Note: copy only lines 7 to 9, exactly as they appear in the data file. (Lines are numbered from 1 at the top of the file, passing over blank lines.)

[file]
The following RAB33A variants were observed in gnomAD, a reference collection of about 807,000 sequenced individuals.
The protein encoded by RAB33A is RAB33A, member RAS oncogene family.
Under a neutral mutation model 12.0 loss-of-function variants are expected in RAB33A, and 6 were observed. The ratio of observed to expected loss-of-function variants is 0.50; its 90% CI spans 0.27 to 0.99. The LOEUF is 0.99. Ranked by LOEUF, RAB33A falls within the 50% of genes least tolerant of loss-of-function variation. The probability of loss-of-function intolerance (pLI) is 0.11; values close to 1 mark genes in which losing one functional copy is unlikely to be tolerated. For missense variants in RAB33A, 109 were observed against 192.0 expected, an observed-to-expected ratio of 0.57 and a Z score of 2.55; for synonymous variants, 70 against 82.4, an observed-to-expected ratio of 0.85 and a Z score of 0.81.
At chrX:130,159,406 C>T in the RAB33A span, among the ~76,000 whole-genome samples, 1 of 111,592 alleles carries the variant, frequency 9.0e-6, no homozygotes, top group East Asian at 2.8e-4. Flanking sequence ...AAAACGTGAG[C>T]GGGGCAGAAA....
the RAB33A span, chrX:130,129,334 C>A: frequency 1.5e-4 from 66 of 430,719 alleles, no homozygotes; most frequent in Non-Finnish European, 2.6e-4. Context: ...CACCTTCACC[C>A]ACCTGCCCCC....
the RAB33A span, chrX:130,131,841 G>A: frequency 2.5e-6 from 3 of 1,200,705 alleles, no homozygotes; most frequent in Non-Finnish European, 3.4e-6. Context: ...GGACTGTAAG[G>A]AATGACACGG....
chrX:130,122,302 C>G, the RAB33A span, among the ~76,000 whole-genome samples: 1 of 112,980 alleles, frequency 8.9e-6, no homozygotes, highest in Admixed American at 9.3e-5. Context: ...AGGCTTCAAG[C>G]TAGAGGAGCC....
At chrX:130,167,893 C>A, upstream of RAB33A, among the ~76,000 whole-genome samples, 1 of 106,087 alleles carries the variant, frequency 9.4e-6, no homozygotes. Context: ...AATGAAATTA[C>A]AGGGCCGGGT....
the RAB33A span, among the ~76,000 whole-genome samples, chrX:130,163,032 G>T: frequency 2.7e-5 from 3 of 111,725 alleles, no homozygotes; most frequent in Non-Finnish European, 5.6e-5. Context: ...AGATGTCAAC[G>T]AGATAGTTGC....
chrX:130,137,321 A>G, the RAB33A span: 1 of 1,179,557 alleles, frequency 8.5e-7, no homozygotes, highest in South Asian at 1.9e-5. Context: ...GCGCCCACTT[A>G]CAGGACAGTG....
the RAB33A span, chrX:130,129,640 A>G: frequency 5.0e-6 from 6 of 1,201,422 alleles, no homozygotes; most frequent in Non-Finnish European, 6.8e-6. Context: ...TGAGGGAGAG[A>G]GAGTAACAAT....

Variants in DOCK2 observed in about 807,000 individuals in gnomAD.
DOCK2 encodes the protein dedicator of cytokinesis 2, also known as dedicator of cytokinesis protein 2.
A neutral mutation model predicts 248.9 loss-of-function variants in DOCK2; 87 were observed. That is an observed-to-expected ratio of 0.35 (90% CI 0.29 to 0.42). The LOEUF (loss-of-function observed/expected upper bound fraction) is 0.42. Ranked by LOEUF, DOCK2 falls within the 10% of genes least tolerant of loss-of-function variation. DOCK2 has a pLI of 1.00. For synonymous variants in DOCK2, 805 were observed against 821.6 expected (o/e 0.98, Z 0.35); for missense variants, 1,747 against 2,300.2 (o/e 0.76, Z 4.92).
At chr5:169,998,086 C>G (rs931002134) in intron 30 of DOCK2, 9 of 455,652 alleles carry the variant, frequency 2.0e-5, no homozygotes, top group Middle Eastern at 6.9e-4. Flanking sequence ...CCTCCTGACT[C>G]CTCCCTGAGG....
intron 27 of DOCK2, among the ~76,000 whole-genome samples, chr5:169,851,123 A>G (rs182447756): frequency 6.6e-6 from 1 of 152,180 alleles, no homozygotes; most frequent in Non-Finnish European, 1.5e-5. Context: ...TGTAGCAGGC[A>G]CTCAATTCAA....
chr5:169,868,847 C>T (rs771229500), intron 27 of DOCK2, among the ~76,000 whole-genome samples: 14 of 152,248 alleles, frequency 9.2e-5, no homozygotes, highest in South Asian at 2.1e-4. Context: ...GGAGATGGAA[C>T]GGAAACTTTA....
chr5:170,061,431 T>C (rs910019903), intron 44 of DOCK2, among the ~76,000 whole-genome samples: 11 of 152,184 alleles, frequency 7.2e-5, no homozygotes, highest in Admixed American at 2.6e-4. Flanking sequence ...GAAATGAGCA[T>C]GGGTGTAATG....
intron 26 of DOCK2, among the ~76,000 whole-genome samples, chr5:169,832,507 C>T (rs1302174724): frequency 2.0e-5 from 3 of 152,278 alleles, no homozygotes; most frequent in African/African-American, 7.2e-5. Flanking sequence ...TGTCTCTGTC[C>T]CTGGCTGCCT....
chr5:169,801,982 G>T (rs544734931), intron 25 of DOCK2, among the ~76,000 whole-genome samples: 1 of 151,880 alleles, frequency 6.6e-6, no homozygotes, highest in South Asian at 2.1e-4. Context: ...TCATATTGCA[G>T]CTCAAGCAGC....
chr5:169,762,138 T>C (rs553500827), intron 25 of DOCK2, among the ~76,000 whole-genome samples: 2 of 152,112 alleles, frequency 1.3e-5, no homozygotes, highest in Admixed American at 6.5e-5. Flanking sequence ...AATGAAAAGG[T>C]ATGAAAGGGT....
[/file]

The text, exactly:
chrX:130,122,302 C>G, the RAB33A span, among the ~76,000 whole-genome samples: 1 of 112,980 alleles, frequency 8.9e-6, no homozygotes, highest in Admixed American at 9.3e-5. Context: ...AGGCTTCAAG[C>G]TAGAGGAGCC....
At chrX:130,167,893 C>A, upstream of RAB33A, among the ~76,000 whole-genome samples, 1 of 106,087 alleles carries the variant, frequency 9.4e-6, no homozygotes. Context: ...AATGAAATTA[C>A]AGGGCCGGGT....
the RAB33A span, among the ~76,000 whole-genome samples, chrX:130,163,032 G>T: frequency 2.7e-5 from 3 of 111,725 alleles, no homozygotes; most frequent in Non-Finnish European, 5.6e-5. Context: ...AGATGTCAAC[G>T]AGATAGTTGC....